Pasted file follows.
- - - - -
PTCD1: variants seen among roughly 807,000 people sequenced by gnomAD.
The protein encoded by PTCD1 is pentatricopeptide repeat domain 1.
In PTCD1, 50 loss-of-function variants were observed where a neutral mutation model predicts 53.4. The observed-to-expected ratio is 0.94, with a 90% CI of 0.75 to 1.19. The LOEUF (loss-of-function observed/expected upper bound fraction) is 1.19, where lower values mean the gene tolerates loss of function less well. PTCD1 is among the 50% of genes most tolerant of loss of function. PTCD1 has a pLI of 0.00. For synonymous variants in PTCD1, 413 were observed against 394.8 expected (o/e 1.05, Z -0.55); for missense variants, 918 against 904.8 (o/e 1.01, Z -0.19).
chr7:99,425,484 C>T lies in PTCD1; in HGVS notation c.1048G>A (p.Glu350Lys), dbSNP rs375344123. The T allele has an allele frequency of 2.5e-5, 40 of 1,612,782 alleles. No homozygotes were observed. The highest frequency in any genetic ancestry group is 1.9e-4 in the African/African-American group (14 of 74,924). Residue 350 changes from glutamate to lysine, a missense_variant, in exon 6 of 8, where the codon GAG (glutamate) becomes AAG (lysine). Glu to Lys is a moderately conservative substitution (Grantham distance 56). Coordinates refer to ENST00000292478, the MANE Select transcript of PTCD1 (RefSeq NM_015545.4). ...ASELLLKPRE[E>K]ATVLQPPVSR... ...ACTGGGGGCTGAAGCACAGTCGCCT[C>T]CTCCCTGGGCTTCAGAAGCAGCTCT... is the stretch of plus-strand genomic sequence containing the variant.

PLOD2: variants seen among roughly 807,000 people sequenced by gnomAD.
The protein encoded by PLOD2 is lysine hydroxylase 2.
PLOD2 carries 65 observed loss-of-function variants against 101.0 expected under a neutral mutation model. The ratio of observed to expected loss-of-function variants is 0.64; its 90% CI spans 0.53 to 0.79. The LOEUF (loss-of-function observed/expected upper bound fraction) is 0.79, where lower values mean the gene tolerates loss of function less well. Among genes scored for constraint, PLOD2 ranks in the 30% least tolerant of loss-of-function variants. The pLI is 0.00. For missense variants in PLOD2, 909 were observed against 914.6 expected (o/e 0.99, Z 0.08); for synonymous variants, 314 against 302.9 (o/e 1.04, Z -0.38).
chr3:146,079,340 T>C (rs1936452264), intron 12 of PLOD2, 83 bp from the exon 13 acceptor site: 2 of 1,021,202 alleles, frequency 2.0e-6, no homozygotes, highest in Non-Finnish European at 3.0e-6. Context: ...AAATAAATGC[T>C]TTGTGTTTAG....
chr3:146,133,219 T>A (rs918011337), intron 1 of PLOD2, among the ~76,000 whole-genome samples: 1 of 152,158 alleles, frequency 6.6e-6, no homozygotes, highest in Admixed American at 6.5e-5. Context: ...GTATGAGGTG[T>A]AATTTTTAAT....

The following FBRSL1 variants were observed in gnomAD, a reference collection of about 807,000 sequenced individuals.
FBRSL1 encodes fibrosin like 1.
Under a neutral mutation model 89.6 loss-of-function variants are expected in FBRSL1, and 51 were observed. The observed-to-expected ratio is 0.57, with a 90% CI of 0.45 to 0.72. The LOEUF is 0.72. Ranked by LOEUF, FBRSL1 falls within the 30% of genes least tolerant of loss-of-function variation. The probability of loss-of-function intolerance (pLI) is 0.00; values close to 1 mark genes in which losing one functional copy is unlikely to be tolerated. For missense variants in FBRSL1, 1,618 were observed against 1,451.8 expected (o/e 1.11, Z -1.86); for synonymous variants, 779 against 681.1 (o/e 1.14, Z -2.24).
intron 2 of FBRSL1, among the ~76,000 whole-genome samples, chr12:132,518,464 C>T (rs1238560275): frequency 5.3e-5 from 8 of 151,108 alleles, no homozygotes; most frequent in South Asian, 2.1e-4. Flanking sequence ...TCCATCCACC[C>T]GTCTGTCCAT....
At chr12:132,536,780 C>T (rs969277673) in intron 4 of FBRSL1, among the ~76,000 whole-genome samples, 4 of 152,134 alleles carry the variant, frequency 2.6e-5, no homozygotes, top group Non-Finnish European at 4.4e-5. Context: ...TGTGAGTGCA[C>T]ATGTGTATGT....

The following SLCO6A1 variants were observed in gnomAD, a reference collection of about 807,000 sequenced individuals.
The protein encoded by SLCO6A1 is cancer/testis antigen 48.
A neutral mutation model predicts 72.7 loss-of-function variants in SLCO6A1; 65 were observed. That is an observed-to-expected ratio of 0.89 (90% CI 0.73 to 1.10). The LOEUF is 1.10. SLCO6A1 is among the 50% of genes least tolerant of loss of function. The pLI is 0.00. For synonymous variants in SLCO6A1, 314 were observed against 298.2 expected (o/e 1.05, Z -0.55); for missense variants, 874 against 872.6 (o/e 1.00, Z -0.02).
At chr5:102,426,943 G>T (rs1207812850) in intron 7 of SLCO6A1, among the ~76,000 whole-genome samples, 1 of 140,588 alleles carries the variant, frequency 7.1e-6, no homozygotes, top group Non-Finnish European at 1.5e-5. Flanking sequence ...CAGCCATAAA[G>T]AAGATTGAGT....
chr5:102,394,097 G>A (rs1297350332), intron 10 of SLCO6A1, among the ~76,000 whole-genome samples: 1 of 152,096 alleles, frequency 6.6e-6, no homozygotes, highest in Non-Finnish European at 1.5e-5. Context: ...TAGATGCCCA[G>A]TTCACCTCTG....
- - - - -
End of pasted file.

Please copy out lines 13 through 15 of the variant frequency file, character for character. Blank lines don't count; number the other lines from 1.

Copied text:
intron 2 of FBRSL1, among the ~76,000 whole-genome samples, chr12:132,518,464 C>T (rs1238560275): frequency 5.3e-5 from 8 of 151,108 alleles, no homozygotes; most frequent in South Asian, 2.1e-4. Flanking sequence ...TCCATCCACC[C>T]GTCTGTCCAT....
At chr12:132,536,780 C>T (rs969277673) in intron 4 of FBRSL1, among the ~76,000 whole-genome samples, 4 of 152,134 alleles carry the variant, frequency 2.6e-5, no homozygotes, top group Non-Finnish European at 4.4e-5. Context: ...TGTGAGTGCA[C>T]ATGTGTATGT....

The following SLCO6A1 variants were observed in gnomAD, a reference collection of about 807,000 sequenced individuals.